4. Enter the IP address ranges for the clients subnet(s) that this preferred server will serve.

Capturing Your Gold OS X Image for LANDESK Mac Provisioning

Imaging a device has changed dramatically over the years.  In the early 2000’s one would load everything possible on the image in effort to reduce calls the number of software requests the HelpDesk would receive post deployment.

The term bloated is often used for such corporate images.  Not only did it take forever to deploy the gargantuan images, conflicts between unnecessary and unused software applications were extremely prevalent.

LANDESK recommends the complete opposite approach in 2016.  When creating your corporate gold image, leave it as plain and as vanilla as possible.  Build all customizations into your provisioning templates and inject those customizations during the post-provisioning process.

So doing will allow you to easily update and tweak your applications and customizations realtime, ensuring each device configured contains the latest and greatest.

Watch the how-to video.

Prepare Your Machine for Capture

  1. Obtain the latest and greatest machine you have
  2. Create as small of a partition as possible that’ll contain your OS and apps
  3. Install the desired operating system
  4. Install any desired apps
    • Again, best practice will be to keep the image as thin as possible.  Ideally, applications should be deployed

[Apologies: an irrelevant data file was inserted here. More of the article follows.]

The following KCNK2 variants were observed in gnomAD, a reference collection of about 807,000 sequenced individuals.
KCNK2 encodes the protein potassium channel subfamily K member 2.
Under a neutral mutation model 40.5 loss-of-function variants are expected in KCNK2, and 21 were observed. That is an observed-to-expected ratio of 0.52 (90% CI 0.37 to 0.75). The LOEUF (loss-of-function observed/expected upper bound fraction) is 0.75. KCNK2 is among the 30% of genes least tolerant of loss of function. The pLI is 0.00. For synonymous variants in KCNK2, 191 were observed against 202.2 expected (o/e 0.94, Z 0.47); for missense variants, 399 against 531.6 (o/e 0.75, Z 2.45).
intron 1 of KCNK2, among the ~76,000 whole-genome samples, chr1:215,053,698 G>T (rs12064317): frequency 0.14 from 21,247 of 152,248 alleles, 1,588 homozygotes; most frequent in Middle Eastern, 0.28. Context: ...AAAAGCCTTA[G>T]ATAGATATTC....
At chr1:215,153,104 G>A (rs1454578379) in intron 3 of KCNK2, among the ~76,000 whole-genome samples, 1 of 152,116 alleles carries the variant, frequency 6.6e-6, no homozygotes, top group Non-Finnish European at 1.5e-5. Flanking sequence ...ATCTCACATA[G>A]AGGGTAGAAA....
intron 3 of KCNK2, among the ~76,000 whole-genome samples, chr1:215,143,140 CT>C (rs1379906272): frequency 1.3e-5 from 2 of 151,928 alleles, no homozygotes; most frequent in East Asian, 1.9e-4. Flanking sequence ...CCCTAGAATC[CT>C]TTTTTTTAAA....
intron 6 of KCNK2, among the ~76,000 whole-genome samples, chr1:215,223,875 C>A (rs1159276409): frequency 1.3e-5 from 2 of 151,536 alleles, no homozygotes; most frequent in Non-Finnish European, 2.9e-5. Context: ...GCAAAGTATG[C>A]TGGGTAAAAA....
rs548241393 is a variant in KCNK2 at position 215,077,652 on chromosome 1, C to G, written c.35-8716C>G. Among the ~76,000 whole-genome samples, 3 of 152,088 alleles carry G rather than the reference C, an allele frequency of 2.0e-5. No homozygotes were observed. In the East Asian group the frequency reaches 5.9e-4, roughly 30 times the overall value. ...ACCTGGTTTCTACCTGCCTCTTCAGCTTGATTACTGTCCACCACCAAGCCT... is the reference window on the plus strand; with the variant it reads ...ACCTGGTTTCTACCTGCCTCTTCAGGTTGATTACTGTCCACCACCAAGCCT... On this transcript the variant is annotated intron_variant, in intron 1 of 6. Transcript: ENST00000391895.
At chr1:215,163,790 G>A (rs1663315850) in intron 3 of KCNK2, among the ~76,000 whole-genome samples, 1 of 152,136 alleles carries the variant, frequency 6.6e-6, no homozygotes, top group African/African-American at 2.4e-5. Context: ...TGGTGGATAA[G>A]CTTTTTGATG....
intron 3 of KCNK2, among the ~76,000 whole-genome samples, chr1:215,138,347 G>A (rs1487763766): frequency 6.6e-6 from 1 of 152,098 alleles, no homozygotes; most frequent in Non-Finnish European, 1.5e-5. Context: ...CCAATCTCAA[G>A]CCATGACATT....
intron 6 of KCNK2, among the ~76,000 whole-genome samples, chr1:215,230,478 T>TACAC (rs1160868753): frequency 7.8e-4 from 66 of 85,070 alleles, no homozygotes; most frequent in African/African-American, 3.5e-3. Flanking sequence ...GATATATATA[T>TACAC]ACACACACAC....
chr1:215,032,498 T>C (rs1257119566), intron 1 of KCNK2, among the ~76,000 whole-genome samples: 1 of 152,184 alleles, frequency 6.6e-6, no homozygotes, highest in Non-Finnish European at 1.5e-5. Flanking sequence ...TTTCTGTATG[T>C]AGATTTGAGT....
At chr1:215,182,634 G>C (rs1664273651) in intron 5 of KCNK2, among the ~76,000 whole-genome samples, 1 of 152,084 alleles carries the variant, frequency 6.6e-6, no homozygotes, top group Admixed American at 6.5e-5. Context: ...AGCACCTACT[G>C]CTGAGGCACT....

5. Install the latest LANDESK agent (9.6 SP2 or greater).  Unlike the Windows process, a LANDESK agent is required to be on the gold image.
  6. Make note of the disk identifier for the partition you want to capture as you’ll need it when creating the capture template.  Do this by launching Terminal and running the command below
Diskutil List

Create the LANDESK Provisioning Capture Template

  1. Within the LANDESK Console, open Tools > Provisioning > OS Provisioning
  2. Expand My Templates from the menu tree and highlight All My Templates 
  3. Click the New Template dropdown button from the Operating System Provisioning toolbar and then select the Empty Template
  4. Provide a template name
  5. Select Netboot from the Boot Environment dropdown list
  6. The target OS should automatically change to Mac OS X, if not, select it from the list
  7. Provide a description if desired
  8. Push the OK button to create
  9. Right click on the template created and select Edit
  10. Now, right click on System Migration and select Add Action
  11. Select the Reboot/shutdown action and select OK
  12. Highlight the Reboot/shutdown action generated and change the Action Properties option to NetBoot
  13. Set the Server option to your PXE representative using the format bsdp://ipaddress.  For convenience when NetBooting manually, you’ll likely want to deselect the checkbox for “Stop processing the template if this action fails.”
  14. Right click on the OS installation and select Add Action
  15. Select the Capture an Image action and select OK
  16. Provide the smb:// or afp:// url to where you would like to save the image.  It should be something similar to smb://servername/share/filename.dmg
  17. Hit the Validate button so the command line parameters are generated and then replace the /dev/disk0s2 with the appropriate identifier discovered from your capture machine, it may be /dev/disk1 or something else entirely
  18. Right click on Post-OS installation and select Add Action
  19. Select the Reboot/shutdown action and select OK.  
  20. Select the radio button Shut down.  Like previously, you’ll likely want to deselect the checkbox for “Stop processing the template if this action fails” and hit OK to save the template

Schedule the Image Capture